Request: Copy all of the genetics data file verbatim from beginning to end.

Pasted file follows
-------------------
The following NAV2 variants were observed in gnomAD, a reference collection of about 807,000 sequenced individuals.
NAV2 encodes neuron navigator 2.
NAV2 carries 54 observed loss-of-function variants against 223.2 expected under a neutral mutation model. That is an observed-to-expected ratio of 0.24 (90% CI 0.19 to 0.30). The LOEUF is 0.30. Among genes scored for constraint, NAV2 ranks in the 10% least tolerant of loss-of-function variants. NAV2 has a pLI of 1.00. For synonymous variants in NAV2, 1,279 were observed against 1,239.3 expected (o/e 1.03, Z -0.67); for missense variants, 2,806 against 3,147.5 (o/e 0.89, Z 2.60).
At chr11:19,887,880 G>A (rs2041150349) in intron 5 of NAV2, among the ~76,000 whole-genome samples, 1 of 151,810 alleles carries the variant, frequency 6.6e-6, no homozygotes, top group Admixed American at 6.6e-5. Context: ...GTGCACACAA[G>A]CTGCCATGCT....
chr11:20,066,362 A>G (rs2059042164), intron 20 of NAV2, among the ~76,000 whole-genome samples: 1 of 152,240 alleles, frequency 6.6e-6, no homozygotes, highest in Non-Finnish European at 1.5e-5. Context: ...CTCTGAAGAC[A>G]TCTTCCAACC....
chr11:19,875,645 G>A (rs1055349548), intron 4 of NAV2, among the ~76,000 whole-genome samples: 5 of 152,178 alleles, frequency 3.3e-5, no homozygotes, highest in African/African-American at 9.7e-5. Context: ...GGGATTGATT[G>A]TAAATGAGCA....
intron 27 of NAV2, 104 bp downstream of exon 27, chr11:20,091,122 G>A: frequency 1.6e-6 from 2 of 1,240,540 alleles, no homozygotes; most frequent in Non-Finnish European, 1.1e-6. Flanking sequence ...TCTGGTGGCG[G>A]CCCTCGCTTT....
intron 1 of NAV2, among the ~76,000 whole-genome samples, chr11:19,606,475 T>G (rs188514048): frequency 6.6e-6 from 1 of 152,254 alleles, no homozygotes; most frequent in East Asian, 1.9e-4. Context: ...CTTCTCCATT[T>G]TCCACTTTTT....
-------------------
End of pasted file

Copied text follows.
The following NAV2 variants were observed in gnomAD, a reference collection of about 807,000 sequenced individuals.
NAV2 encodes neuron navigator 2.
NAV2 carries 54 observed loss-of-function variants against 223.2 expected under a neutral mutation model. That is an observed-to-expected ratio of 0.24 (90% CI 0.19 to 0.30). The LOEUF is 0.30. Among genes scored for constraint, NAV2 ranks in the 10% least tolerant of loss-of-function variants. NAV2 has a pLI of 1.00. For synonymous variants in NAV2, 1,279 were observed against 1,239.3 expected (o/e 1.03, Z -0.67); for missense variants, 2,806 against 3,147.5 (o/e 0.89, Z 2.60).
At chr11:19,887,880 G>A (rs2041150349) in intron 5 of NAV2, among the ~76,000 whole-genome samples, 1 of 151,810 alleles carries the variant, frequency 6.6e-6, no homozygotes, top group Admixed American at 6.6e-5. Context: ...GTGCACACAA[G>A]CTGCCATGCT....
chr11:20,066,362 A>G (rs2059042164), intron 20 of NAV2, among the ~76,000 whole-genome samples: 1 of 152,240 alleles, frequency 6.6e-6, no homozygotes, highest in Non-Finnish European at 1.5e-5. Context: ...CTCTGAAGAC[A>G]TCTTCCAACC....
chr11:19,875,645 G>A (rs1055349548), intron 4 of NAV2, among the ~76,000 whole-genome samples: 5 of 152,178 alleles, frequency 3.3e-5, no homozygotes, highest in African/African-American at 9.7e-5. Context: ...GGGATTGATT[G>A]TAAATGAGCA....
intron 27 of NAV2, 104 bp downstream of exon 27, chr11:20,091,122 G>A: frequency 1.6e-6 from 2 of 1,240,540 alleles, no homozygotes; most frequent in Non-Finnish European, 1.1e-6. Flanking sequence ...TCTGGTGGCG[G>A]CCCTCGCTTT....
intron 1 of NAV2, among the ~76,000 whole-genome samples, chr11:19,606,475 T>G (rs188514048): frequency 6.6e-6 from 1 of 152,254 alleles, no homozygotes; most frequent in East Asian, 1.9e-4. Context: ...CTTCTCCATT[T>G]TCCACTTTTT....